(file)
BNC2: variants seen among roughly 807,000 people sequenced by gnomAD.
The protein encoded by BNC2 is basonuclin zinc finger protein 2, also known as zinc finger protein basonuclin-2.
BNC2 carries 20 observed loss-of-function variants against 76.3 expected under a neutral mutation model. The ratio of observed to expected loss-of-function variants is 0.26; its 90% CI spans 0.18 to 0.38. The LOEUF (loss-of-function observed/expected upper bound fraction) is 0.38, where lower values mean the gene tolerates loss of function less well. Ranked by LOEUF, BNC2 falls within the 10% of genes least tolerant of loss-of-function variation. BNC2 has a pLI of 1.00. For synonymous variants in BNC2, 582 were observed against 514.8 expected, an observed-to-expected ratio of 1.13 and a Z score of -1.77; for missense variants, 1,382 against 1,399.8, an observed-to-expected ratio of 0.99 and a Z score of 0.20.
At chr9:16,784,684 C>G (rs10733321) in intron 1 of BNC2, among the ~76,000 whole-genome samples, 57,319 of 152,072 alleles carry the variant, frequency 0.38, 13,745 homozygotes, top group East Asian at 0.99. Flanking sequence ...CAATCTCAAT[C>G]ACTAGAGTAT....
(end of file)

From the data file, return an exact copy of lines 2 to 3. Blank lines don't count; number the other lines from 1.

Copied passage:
The protein encoded by BNC2 is basonuclin zinc finger protein 2, also known as zinc finger protein basonuclin-2.
BNC2 carries 20 observed loss-of-function variants against 76.3 expected under a neutral mutation model. The ratio of observed to expected loss-of-function variants is 0.26; its 90% CI spans 0.18 to 0.38. The LOEUF (loss-of-function observed/expected upper bound fraction) is 0.38, where lower values mean the gene tolerates loss of function less well. Ranked by LOEUF, BNC2 falls within the 10% of genes least tolerant of loss-of-function variation. BNC2 has a pLI of 1.00. For synonymous variants in BNC2, 582 were observed against 514.8 expected, an observed-to-expected ratio of 1.13 and a Z score of -1.77; for missense variants, 1,382 against 1,399.8, an observed-to-expected ratio of 0.99 and a Z score of 0.20.